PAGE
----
It’s with a heavy heart that I have to share something with you: I’ve been a victim of plagiarism. Last year, a blog was cutting and pasting my reviews (about 30 of them) and changing a few key words to make it undetectable. Luckily, I found out about it and after consulting an attorney and finding that the law was on my side, I was able to have the content removed. Sadly, I have also recently found that a guest post on my site by another blogger contained content lifted from another blog. To make matters worse, it was only one in a pervasive misuse of other people’s content and countless people have been affected. In addition to feeling betrayed, it also resulted in a lot of time spent on scrubbing my blog of any association with the person who plagiarized and contacting those involved – time I’d much rather have spent writing my graduate thesis or spending with my husband.
So let’s talk about what happens when someone plagiarizes. More than impacting just the person who stole the content, it affects anyone associated with them. Bloggers who promoted or vouched for them have their integrity thrown under the bus, authors who worked with them have a tarnished reputation, and people feel betrayed. So what to do? Well, as John Green demonstrated, you acknowledge what happened and apologize. It’s a simple yet extremely effective way to handle the situation.
So what is plagiarism? According to Plagiarism.org, “plagiarism is the use of another’s original words or ideas as though they were your own,” and is illegal (copyright laws and all that). It doesn’t matter how much or how little you copy – it’s all the same (not to mention it can also get you kicked out of college or fired from your job). Unfortunately, not everyone thinks that plagiarism is a big deal. Some think it’s an acceptable action when you’re busy and some think that as long as you change it up a little, it’s okay. Regardless, the law is pretty clear.
What does this mean for book bloggers? As book bloggers, we are all avid readers, which means that sometimes we may pick up on some great sentences and not realize they came from elsewhere. Let’s be honest – how many times have we seen or used the phrases “haunting tale” or “a complex family dynamic”? It happens. The difference between this and deliberate plagiarism is that there are some that choose to cut and paste entire paragraphs or ideas, which ups the ante. In other words, pass someone else’s content off as their own.
What can we do about it? There are a lot of things we can do to prevent plagiarism and hold those who deliberately do so accountable, and even more reasons why we should. In addition to being illegal, it tarnishes the reputation of the book blogging community and creates distrust amongst us, both of which do a disservice to ourselves, readers, and authors. We can contact affected publishers and authors to let them know about the situation using links and screenshots, not to mention inform those who were plagiarized. It doesn’t matter whether the plagiarized content comes from a major news source (NPR, Entertainment Weekly) or a small blogger, it’s equally detestable.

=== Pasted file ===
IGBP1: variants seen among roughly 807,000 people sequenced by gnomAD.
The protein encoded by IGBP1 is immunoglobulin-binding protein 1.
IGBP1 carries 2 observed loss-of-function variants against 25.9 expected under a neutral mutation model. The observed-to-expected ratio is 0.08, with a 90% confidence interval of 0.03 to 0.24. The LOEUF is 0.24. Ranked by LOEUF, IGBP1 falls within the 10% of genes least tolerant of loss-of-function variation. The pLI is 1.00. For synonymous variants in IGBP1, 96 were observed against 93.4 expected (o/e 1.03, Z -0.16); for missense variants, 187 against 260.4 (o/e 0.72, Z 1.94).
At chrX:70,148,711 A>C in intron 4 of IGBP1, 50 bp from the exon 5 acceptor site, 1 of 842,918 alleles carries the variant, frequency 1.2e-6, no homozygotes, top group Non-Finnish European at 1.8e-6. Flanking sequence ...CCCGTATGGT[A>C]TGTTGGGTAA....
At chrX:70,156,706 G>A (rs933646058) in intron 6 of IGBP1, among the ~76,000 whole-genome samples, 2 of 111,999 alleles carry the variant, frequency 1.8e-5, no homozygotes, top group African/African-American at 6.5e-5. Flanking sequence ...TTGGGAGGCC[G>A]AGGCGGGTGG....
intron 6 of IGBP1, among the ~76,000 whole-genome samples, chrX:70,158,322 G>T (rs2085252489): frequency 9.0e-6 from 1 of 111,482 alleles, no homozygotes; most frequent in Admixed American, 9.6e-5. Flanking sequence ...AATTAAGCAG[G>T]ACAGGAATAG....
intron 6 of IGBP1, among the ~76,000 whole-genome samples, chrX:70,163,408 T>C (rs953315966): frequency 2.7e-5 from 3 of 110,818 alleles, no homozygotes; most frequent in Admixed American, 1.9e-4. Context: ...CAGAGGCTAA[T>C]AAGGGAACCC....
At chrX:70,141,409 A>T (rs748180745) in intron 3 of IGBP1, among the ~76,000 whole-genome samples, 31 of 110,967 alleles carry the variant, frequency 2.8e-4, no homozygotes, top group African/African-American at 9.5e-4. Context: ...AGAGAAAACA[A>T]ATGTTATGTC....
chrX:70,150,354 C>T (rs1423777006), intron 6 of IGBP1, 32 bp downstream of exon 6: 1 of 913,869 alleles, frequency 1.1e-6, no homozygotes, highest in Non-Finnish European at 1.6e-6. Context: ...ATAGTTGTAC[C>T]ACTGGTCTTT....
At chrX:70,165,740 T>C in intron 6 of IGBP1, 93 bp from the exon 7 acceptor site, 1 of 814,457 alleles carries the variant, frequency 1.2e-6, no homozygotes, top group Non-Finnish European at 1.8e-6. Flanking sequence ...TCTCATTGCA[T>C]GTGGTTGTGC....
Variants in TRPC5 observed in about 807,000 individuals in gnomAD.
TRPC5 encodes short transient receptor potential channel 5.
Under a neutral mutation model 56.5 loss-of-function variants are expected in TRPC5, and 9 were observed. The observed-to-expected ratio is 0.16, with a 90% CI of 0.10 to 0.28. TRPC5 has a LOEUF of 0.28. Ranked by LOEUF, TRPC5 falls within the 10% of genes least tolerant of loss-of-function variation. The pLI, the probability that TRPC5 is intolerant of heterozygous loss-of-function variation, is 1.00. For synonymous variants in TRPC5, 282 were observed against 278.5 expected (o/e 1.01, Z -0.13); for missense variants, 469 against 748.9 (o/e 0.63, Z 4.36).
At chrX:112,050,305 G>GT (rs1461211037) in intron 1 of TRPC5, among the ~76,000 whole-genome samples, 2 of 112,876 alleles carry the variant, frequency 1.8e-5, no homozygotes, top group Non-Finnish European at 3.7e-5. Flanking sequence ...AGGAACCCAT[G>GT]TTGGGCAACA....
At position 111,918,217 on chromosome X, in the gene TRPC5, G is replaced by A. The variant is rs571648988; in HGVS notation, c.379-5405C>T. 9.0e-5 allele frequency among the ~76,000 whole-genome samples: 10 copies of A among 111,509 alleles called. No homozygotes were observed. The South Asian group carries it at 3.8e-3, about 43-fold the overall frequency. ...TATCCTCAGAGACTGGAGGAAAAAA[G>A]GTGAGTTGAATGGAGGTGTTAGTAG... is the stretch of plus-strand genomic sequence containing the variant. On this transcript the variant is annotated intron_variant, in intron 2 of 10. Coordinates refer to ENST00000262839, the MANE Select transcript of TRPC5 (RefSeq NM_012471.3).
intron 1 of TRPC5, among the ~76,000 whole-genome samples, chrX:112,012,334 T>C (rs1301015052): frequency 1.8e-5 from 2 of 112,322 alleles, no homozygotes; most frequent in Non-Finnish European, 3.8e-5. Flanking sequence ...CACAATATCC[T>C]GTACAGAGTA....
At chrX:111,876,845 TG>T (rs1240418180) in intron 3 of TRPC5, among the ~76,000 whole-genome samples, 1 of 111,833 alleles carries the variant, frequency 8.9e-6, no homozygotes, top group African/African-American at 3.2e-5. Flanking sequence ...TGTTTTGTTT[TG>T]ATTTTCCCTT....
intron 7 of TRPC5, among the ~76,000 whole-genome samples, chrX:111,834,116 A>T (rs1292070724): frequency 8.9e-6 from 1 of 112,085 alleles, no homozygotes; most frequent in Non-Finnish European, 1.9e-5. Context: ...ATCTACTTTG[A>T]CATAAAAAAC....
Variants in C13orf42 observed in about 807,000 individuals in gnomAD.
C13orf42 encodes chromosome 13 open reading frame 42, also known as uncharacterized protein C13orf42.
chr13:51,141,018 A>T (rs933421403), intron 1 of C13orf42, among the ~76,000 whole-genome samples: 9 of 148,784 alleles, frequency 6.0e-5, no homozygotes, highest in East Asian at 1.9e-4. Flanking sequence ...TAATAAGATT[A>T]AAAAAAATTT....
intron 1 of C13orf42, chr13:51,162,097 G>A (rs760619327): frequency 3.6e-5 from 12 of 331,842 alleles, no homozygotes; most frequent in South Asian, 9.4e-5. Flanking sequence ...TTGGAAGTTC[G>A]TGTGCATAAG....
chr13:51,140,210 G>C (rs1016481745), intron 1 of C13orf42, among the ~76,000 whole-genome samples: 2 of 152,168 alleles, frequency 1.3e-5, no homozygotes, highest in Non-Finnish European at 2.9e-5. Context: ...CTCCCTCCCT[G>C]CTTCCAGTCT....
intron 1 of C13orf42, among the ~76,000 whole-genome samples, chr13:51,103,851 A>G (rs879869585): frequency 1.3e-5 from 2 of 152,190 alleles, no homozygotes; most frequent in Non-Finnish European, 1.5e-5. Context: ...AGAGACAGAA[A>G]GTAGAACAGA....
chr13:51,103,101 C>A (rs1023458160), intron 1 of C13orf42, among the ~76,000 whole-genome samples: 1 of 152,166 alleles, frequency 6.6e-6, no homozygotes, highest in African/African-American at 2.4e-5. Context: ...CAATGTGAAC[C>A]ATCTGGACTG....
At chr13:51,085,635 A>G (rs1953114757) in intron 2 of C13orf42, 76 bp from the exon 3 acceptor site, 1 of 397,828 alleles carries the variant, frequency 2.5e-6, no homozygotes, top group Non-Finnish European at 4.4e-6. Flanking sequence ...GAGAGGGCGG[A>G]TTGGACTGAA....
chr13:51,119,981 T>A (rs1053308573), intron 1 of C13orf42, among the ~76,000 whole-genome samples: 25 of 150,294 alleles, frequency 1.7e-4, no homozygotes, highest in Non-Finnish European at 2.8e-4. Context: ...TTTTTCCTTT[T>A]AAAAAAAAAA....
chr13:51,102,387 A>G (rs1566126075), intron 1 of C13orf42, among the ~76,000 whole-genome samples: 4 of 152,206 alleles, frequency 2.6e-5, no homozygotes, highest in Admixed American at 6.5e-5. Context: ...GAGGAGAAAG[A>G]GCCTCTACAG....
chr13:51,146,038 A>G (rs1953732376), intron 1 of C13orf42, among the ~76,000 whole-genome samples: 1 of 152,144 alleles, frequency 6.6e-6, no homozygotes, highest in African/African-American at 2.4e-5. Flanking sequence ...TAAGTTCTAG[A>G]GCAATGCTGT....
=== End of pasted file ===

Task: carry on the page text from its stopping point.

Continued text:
What do you do if someone you know plagiarizes? Look, we’re all human and we make mistakes – I certainly have. What determines the integrity of a person is how they handle that mistake after the fact. Do you hide? Do you apologize? Do you let your friends publicly fight your battle for you? These are personal choices that only you can make for yourself, but what if your friend plagiarizes? Well, this is a tough one because it involves personal entanglements and emotions. Unfortunately, the action is still illegal, putting everyone in a difficult spot. That said, there’s nothing wrong with standing by a friend. After all, that’s what friends are for and the true measure of friendship is how you weather a storm. I’ve been fortunate enough to both stand by and be stood by during some difficult times during my life. When making these decisions, however, it’s important to remember what it looks like from the outside. Standing by someone personally is very different from standing by someone publicly. When someone uses their professional reputation to defend the illegal actions of a person, it’s perceived as promoting the illegal activities themselves. In other words, there’s a difference between supporting a person and supporting someone’s actions, and the difference is key.
So to sum it up, don’t plagiarize. If you do and get caught, apologize and move on. If you know someone is plagiarizing, do something about it. It can be scary but the people who wrote the original content deserve the credit for their hard work (who knows? This might be their way of making a living). Not only that, but you as a book blogger don’t deserve to have your integrity compromised by the actions of another.
Thank you to Mary McCarthy over at Splice Today for writing a post calling out the person plagiarizing her site. Her confidence, in part, inspired me to write this!
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